Most of us are familiar with the little numbers inside the chasing arrows on plastics. But we may not realize that even though a plastic has a number assigned to it, it may not be recyclable. The numbers are known as resin identification codes, and they are used to distinguish types of plastic from each other. The codes were devised in the 1980s and since then, many new types of plastic have come onto the market. Unfortunately, these new plastics don't have codes and are difficult to recycle.

To help you distinguish recyclable plastics from those that can't be recycled, we've compiled a quick list of the resin codes, noting their recyclability and if they can leach any harmful chemicals into food. In all cases, check with your sanitation department to determine if a given type of plastic can be recycled. And remember, it is often better to use tempered glass and ceramic containers, which will outlast most plastic containers by many years. If you must use plastic, try to find products made from post-consumer recycled content plastic. For more information, see our Plastics FAQ.

1 recycle1. PET (or PETE)
Polyethylene terephthalate: Used in clear plastic bottles

Widely accepted for recycling

Note that single-use bottles are not designed for storing water and bacteria may build up in screw threads. Reusable bottles should not be used to store hot liquids since this may degrade the plastic overtime.

2 plastic recycle2. HDPE
High-density polyethylene: Used in milk and juice bottles, retail bags, yogurt containers

Widely accepted for recycling

3 plastic recycle3. V or PVC 
Polyvinyl chloride: Used in food containers and utensils, pipe, children's toys, clothing and accessories, binders/notebooks, upholstery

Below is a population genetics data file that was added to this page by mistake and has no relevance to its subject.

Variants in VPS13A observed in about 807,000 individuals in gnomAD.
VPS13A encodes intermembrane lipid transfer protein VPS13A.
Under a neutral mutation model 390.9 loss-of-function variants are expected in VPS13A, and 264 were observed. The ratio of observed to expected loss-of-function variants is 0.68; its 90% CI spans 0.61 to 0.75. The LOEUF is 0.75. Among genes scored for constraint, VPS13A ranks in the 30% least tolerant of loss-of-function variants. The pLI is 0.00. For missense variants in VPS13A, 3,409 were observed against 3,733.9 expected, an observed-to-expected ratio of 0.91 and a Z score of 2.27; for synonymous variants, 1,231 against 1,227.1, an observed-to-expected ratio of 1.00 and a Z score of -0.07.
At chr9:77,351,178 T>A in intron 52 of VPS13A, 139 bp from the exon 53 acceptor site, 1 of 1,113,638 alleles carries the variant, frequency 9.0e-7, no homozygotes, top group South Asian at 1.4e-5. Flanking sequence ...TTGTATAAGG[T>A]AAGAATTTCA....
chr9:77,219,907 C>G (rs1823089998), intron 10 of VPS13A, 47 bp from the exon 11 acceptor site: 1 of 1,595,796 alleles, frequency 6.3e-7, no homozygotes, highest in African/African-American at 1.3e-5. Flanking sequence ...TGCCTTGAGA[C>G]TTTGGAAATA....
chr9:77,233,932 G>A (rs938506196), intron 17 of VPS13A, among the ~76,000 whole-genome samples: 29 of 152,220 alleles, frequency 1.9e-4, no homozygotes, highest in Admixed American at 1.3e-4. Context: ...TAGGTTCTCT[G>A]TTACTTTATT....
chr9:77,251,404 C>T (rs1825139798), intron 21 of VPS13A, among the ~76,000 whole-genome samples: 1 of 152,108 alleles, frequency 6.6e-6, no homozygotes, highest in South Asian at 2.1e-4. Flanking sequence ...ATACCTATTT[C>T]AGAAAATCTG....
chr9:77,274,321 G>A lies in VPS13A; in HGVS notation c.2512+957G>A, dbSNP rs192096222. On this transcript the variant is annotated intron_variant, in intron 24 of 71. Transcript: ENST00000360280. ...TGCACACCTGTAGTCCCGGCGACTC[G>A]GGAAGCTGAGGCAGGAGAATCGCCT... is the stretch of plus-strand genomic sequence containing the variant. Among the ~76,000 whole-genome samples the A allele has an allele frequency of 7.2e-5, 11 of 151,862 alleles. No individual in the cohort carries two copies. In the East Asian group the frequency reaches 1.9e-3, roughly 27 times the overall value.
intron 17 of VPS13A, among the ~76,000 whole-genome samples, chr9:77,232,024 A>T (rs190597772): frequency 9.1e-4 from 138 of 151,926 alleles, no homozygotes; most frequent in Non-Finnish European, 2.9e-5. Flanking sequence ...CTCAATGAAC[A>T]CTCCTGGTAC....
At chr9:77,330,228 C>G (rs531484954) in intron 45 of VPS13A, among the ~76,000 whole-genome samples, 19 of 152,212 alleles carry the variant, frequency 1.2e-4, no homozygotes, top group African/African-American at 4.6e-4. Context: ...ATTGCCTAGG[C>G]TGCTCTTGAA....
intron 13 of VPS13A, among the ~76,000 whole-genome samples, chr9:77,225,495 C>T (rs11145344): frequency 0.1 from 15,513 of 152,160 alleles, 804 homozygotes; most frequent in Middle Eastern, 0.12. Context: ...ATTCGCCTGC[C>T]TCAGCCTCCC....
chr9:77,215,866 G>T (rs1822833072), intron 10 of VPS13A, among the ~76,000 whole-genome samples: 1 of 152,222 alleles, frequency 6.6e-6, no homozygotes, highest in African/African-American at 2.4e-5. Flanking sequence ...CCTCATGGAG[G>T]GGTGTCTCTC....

Limited recyclability, primarily PVC pipe

AVOID: The production and incineration of PVC releases carcinogenic dioxins into the atmosphere. Furthermore, some products, such as certain food wraps, can leach hormone-disrupting phthalates into foods.

4 plastic recycle4. LDPE
Low-density polyethylene: Used in thin plastic bags, grocery bags, bread bags, squeeze bottles

Widely accepted for recycling; check with your sanitation department to see if they are accepted.

5 plastic recycle5. PP
Polypropylene: Used in yogurt containers, margarine clubs, prescription bottles and straws

Recyclable; check with your sanitation department to see if accepted.

6 plastic recycle6. PS
Polystyrene: Used in foam plastic cups and containers

Recyclable; check with your sanitation department to see if accepted.

Avoid: Can leach carcinogenic styrene into liquids.

7 plastic recycle7. PC, PLA and miscellaneous plastics (Other)
Other: Used in food containers, water bottles, baby bottles, plastic bags

This category encompasses several types of plastic including polycarbonate (sometimes listed as PC), which can leach hormone-disrupting bisphenol-A into liquids. However, #7 plastics also include bio-based plastics such as those made from polylactic acid (PLA) derived from corn.

Not recyclable; however, some bio-based plastics such as PLA can be composted in municipal composters.

Avoid: Polycarbonate (PC)

OK for use: Bio-based plastic; however, single-use containers should not be used to store foods.

Note: Check with your sanitation department if you have any questions about which plastics are accepted for recycling in your area.

Images from Wikimedia Commons.

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Plastics by the numbers
Make sure you know what you're recycling, or if it can even be recycled.